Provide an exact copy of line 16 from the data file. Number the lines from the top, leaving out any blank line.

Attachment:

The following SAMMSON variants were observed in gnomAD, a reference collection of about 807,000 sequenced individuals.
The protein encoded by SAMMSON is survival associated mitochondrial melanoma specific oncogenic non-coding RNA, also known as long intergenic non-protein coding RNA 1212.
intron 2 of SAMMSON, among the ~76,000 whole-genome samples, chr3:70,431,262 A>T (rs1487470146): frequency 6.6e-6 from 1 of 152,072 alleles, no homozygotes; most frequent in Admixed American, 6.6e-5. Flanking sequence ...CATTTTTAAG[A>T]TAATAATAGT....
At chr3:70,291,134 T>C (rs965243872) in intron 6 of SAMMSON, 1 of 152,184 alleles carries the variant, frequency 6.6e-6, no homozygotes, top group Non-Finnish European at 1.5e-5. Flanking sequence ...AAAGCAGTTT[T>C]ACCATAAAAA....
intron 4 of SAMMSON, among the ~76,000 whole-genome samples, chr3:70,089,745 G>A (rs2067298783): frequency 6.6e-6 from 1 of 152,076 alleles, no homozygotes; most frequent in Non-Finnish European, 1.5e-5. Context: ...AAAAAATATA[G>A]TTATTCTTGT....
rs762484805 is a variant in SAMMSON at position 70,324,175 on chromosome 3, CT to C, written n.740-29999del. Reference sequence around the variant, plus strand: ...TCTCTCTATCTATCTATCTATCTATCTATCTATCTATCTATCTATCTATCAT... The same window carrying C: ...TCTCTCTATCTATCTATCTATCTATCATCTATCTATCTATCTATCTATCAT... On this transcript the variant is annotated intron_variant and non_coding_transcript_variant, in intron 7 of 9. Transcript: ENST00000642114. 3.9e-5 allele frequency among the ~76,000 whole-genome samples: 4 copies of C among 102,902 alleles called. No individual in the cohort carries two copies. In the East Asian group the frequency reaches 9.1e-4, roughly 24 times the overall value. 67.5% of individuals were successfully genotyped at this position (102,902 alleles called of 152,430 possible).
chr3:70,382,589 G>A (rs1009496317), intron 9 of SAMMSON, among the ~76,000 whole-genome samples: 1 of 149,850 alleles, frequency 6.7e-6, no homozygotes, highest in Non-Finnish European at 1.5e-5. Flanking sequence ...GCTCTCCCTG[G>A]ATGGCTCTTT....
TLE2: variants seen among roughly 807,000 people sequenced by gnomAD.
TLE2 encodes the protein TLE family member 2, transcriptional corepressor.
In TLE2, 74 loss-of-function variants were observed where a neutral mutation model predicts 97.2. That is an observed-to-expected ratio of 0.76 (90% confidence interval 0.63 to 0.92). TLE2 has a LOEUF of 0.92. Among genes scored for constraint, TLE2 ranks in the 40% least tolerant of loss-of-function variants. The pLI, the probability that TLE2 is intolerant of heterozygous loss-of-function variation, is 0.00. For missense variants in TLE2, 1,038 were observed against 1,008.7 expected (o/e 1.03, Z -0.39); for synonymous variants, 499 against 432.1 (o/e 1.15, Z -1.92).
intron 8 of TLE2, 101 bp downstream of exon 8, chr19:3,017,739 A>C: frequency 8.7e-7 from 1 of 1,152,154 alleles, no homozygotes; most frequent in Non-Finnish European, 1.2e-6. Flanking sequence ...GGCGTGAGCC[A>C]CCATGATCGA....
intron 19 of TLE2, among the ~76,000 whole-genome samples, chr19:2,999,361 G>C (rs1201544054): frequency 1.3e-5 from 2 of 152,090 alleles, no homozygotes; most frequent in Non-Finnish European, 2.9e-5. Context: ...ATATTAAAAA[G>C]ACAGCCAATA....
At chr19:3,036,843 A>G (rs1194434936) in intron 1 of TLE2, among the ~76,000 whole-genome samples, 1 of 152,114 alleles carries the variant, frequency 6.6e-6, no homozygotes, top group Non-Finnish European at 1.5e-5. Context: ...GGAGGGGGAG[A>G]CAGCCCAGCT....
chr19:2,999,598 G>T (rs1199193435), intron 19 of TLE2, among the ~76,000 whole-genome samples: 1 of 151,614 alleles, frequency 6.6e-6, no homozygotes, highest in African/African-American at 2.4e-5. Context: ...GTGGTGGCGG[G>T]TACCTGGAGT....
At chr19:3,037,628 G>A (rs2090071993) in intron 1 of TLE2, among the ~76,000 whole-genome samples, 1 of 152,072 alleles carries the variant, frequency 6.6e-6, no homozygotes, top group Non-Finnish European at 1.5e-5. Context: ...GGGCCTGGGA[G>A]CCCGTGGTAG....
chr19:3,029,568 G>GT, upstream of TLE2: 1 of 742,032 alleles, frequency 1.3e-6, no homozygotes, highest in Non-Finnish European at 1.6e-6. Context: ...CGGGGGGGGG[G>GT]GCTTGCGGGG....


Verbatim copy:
chr19:3,029,568 G>GT, upstream of TLE2: 1 of 742,032 alleles, frequency 1.3e-6, no homozygotes, highest in Non-Finnish European at 1.6e-6. Context: ...CGGGGGGGGG[G>GT]GCTTGCGGGG....